const localtunnel = require('localtunnel');

(async () => {
  const tunnel = await localtunnel({ port: 3000 });

  // Your tunnel URL will appear as tunnel.url

  tunnel.on('close', () => {
    // Do something once the tunnel is closed
  });
})();

boringproxy

boringproxy is a newer option that’s totally free and open source under the MIT license! Its main focus appears to be making it easier for people to self host websites on their computers. It comes as a single executable file that works as the server and the client in one. There’s an executable for a range of Linux systems and Windows. macOS is listed as “untested”. I haven’t been able to get it to work on my Mac personally, but if you have access to a Linux box or a Raspberry Pi, this just might be the solution for you. It’s all written in Go and is open for contributors.

Its features in brief:

  • 100% free and open source under the MIT license
  • can be completely self hosted
  • has built-in reverse proxy
  • supports custom domains/subdomains

How to Use boringproxy

The main steps are easiest followed on the boringproxy documentation, as it’s different for different platforms.

Overall, it involves:

  • downloading the server instance via curl (for example, curl -LO https://github.com/boringproxy/boringproxy/releases/download/v0.6.0/boringproxy-linux-x86_64)
  • chmoding the executable that was downloaded (for example, chmod +x boringproxy-linux-x86_64)
  • setting up binding to ports 80 and 443 (for example, sudo setcap cap_net_bind_service=+ep boringproxy-linux-x86_64)
  • setting up the executable on the client too

This video from the creator of boringproxy covers the how-to best:

Advanced features of boringproxy

Auto HTTPS certificates are automatically managed for you via Let’s Encrypt. No need to stress about getting certificates for testing, as it happens behind the scenes.

Web interface for configuration is automatically set up to allow you to manage users, access tokens and tunnels.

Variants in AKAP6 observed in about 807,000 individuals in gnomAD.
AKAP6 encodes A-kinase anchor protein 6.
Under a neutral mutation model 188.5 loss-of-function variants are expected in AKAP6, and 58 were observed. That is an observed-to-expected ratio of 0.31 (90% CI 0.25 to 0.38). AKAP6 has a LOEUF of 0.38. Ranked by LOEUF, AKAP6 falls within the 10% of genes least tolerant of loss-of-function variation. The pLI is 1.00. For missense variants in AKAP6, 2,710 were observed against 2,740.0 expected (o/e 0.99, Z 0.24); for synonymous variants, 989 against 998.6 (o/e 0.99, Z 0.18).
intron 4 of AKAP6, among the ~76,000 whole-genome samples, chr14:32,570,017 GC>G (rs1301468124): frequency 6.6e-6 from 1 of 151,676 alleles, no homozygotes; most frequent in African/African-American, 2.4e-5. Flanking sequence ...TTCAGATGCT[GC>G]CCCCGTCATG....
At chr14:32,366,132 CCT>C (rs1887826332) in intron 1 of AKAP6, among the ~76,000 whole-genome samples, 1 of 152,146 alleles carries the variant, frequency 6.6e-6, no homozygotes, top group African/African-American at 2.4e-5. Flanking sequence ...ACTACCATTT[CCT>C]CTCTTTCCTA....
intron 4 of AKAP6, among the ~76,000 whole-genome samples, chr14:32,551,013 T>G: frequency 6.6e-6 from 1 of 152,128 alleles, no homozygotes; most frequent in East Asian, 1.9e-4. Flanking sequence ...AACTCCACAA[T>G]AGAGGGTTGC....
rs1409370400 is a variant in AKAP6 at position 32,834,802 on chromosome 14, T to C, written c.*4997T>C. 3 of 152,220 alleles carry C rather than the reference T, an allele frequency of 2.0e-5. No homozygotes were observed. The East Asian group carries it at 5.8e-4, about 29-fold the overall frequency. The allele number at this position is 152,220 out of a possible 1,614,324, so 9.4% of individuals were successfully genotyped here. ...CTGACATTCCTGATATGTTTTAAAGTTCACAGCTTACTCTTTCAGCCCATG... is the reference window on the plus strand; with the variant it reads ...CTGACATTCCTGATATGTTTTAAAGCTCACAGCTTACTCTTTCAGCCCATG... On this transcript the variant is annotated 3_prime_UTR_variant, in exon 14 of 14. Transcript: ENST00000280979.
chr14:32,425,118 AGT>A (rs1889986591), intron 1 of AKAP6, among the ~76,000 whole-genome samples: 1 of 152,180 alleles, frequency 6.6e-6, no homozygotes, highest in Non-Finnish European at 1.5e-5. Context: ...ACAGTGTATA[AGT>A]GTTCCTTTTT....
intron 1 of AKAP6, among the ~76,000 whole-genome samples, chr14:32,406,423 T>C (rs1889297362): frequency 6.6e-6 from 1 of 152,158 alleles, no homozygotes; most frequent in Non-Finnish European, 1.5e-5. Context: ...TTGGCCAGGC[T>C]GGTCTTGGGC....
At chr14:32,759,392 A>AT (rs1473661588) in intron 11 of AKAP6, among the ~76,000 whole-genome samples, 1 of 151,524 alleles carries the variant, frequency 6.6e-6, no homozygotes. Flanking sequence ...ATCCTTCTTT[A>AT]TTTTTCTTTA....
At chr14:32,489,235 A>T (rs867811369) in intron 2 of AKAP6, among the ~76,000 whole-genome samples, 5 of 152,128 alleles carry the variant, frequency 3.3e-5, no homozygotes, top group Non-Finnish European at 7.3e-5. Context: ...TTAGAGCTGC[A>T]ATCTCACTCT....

You can tunnel web applications with ease. Self host web apps like Etherpad (shown in the video above), give them their own subdomain, and then you can access them from anywhere.

BrowserStack

BrowserStack provides provides automated screenshots and virtual machines to test your website against a range of devices and browsers. If the reason you’re wanting to access localhost is for testing, BrowserStack might be of interest to you.

You can use the above methods to test localhost sites in the BrowserStack virtual machines, but it also has a browser extension for Chrome and Firefox allowing you to provide access to your localhost from their servers.

However, this functionality is only for the BrowserStack services and isn’t accessible to the general public. BrowserStack comes with a free trial, after which it will cost you a monthly fee to use the service. It’d be handy for cases where the sole reason you’re looking to access localhost is to do device testing.

How to use BrowserStack

Sign up for a trial at BrowserStack.com. They’ve actually got the process of local testing documented quite well on their website, so have a read of that if you’re interested in going this route.

In the end, though, it’ll allow you to test your localhost sites in virtual machines run over the Web like so:

BrowserStack viewing a page on my localhost

Playing Favorites

After playing around with all of these options, my personal favorites would have to be ngrok and PageKite.

PageKite seems like the most multifaceted solution with a huge amount of potential. It’s been developed and extended to fit a range of uses over the years, making it a really impressive application!

ngrok is great too for its simplicity and the traffic inspector. It has more than enough features for most web developers looking to access their localhost from the Web.

Conclusion

If you’re working on a computer with an active internet connection, you can now set up access to your localhost from anywhere in only a few minutes! It’s incredibly simple to get started and, as you’ve seen, there’s no shortage of solutions!

Have you used any of these services? Do you have any others you prefer? I’d love to know your thoughts on Twitter!

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PatCat is the founder of Dev Diner, a site that explores developing for emerging tech such as virtual and augmented reality, the Internet of Things, artificial intelligence and wearables. He is a SitePoint contributing editor for emerging tech, an instructor at SitePoint Premium and O'Reilly, a Meta Pioneer and freelance developer who loves every opportunity to tinker with something new in a tech demo.